H-1B is a temporary non immigrant work visa that allows U.S. employers to hire college-educated foreign national workers.
Over 500,000 foreign national workers are employed in the United States in H-1B status.
The H-1B is an important vehicle for attracting skilled workers to the United States.
The H-1B visa is in desperate need of reform for a number of reasons that we have explained in other writings but the fundamental benefit of the H-1B program is that it permits U.S. employers fill positions they might not otherwise be able to fill.
This article explains the H-1B prevailing wage rule and analyzing the available data on the wage levels that employers promise to pay their H-1B employees.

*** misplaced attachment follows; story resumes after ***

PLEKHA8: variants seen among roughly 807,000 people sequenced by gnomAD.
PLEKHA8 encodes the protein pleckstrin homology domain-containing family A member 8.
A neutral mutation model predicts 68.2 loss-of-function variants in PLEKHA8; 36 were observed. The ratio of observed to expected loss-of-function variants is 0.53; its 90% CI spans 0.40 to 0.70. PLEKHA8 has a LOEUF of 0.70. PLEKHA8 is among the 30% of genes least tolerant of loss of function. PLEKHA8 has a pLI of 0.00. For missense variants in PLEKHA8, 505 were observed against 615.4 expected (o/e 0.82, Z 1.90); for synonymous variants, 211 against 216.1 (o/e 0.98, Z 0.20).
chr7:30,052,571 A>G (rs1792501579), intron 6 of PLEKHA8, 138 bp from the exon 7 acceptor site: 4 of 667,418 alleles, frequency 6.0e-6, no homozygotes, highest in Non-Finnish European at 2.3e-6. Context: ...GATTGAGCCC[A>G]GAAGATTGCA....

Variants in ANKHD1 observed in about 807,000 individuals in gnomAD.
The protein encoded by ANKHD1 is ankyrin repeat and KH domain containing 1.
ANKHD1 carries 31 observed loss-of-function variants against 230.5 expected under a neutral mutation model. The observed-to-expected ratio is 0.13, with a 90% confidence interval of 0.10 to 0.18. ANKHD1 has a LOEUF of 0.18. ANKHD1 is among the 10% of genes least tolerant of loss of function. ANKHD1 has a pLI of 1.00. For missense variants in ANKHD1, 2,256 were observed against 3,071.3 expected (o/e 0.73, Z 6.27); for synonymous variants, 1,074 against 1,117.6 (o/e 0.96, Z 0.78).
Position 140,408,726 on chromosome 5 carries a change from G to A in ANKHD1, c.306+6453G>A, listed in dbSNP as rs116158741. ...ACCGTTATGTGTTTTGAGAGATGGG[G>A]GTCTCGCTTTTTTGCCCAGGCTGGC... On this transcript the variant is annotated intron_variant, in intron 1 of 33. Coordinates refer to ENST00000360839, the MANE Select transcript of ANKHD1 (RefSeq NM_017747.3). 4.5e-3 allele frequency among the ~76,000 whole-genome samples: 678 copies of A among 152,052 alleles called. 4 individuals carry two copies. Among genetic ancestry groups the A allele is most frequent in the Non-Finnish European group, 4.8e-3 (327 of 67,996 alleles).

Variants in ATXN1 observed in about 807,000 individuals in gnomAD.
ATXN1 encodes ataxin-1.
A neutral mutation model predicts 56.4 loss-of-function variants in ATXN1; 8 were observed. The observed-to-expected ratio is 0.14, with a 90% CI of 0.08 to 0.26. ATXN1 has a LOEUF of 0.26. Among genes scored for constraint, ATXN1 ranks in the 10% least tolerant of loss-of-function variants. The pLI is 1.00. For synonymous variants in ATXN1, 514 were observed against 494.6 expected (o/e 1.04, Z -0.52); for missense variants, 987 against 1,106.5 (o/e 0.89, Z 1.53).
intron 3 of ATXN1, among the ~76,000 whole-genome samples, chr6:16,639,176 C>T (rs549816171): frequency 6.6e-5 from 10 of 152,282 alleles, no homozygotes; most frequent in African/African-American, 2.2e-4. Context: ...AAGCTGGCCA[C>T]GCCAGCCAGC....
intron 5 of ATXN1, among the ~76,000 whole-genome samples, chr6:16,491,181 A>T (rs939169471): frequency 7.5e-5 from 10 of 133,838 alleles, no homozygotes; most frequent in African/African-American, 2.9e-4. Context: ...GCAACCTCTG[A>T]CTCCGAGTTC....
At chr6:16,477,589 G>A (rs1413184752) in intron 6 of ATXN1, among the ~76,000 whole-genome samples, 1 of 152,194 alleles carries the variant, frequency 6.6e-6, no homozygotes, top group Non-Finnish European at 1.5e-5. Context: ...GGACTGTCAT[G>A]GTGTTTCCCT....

The U.S. Department of Labor (DOL) has discretion to set H-1B wage levels, that is, the minimum wage employers must pay their H-1B workers, which corresponds to the employer’s minimum requirements and the region (MSA) where they will be employed.
The DOL sets four H-1B wage levels—which it does according to wage survey data from the Bureau of Labor Statistics’ Occupational Employment Statistics survey. This can be found at flcdatacenter.com.
The problem with flcdatacenter.com is that it does not tell you the correct prevailing level based on the employer’s minimum requirements for the position.
This allows you to simply select the proper occupational title, enter the work location zip code and enter the minimum requirements for the position.